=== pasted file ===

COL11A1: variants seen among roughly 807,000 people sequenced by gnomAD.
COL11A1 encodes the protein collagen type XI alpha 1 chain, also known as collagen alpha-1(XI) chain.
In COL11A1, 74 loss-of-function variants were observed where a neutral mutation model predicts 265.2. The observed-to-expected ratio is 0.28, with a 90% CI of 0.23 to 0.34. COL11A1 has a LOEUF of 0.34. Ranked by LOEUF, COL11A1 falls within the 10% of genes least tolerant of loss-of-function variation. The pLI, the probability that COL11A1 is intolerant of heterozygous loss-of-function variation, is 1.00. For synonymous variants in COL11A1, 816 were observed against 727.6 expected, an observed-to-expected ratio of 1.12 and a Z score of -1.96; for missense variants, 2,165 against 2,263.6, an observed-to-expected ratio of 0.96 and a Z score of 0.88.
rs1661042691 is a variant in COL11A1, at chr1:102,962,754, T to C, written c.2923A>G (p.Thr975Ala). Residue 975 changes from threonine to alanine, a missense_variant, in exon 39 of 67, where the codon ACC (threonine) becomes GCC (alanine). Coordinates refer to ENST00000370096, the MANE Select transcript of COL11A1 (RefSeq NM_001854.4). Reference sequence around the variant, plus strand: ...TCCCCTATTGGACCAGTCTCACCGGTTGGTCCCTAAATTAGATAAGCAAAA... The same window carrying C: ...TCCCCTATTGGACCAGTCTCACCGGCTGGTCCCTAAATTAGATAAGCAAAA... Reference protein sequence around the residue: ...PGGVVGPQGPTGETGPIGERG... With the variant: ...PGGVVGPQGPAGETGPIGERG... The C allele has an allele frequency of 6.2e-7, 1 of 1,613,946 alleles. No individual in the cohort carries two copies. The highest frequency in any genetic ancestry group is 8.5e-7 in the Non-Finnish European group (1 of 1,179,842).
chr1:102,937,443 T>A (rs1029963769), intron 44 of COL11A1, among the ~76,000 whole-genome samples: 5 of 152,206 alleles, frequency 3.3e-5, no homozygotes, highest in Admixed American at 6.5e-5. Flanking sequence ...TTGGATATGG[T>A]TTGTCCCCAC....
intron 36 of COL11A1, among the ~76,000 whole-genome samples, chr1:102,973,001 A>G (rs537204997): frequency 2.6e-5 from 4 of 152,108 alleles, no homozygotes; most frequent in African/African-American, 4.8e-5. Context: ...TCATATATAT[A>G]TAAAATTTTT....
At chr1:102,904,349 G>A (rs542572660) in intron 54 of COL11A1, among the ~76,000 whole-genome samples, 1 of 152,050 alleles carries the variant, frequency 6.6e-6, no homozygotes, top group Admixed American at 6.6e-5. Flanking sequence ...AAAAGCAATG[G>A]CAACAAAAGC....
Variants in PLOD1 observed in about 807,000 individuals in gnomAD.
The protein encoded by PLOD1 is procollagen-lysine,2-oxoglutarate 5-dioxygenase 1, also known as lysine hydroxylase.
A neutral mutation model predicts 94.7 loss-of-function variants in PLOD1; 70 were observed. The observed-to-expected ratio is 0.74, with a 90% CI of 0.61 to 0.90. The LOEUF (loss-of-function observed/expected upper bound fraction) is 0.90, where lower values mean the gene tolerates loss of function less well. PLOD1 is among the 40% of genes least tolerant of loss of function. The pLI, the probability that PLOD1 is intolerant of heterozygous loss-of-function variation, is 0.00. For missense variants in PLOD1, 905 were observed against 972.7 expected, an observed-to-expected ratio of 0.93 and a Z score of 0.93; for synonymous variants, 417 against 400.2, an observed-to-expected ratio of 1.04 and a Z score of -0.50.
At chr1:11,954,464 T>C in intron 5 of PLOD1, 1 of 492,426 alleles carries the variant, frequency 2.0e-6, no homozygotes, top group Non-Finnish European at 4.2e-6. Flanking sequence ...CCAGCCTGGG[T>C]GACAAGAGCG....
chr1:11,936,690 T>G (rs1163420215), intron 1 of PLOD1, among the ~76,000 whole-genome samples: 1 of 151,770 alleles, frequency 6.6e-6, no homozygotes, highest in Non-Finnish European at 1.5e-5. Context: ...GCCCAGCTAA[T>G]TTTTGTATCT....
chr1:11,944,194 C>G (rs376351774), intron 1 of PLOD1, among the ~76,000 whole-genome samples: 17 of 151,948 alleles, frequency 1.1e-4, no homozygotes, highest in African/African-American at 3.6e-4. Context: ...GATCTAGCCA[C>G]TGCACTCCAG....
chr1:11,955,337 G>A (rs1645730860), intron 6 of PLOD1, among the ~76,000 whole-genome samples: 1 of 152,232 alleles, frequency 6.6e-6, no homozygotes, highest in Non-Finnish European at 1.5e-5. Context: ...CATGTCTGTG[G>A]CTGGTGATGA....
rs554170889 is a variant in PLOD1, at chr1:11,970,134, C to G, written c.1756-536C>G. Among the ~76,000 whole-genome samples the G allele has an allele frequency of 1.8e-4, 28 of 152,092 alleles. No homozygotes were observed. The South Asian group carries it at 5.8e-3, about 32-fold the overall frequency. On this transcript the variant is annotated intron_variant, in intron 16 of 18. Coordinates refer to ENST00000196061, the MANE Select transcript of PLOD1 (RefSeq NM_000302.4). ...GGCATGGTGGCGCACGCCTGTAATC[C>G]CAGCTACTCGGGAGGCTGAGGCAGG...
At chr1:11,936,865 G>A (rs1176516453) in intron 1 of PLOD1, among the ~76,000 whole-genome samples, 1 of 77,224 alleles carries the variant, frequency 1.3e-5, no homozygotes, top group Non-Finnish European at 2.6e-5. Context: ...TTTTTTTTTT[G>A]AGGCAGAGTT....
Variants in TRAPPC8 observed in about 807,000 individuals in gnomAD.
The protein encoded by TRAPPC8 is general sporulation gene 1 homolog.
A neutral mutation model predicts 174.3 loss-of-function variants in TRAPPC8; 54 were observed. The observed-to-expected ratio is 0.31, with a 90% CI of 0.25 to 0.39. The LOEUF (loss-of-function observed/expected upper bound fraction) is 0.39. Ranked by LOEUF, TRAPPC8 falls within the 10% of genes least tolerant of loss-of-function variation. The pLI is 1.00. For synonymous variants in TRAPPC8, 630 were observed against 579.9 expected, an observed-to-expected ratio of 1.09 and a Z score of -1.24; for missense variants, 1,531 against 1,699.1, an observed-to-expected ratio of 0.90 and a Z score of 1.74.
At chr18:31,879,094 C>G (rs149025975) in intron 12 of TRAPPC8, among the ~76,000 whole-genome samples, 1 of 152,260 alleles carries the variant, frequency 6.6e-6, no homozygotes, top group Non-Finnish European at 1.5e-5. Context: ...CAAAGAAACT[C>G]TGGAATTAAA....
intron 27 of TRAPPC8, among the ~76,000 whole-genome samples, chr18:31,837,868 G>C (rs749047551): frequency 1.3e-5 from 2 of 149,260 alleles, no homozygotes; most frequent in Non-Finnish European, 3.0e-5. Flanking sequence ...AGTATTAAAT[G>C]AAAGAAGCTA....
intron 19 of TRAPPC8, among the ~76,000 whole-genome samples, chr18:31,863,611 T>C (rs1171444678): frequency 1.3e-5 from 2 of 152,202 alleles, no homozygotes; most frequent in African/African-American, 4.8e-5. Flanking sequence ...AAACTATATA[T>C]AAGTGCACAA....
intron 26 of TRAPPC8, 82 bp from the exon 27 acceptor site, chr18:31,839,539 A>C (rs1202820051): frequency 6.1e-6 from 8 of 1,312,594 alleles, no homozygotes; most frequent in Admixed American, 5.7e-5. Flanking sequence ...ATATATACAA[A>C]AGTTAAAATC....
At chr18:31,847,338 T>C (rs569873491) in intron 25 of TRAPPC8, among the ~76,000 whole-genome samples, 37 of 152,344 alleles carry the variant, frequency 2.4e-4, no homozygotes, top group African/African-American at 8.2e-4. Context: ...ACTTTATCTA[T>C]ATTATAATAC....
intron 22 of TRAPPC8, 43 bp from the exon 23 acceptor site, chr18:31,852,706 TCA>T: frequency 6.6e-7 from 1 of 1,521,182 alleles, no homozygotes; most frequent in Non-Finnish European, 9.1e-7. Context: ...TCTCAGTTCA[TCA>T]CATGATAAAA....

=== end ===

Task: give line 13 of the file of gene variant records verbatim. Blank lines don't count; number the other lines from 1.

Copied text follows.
chr1:11,944,194 C>G (rs376351774), intron 1 of PLOD1, among the ~76,000 whole-genome samples: 17 of 151,948 alleles, frequency 1.1e-4, no homozygotes, highest in African/African-American at 3.6e-4. Context: ...GATCTAGCCA[C>G]TGCACTCCAG....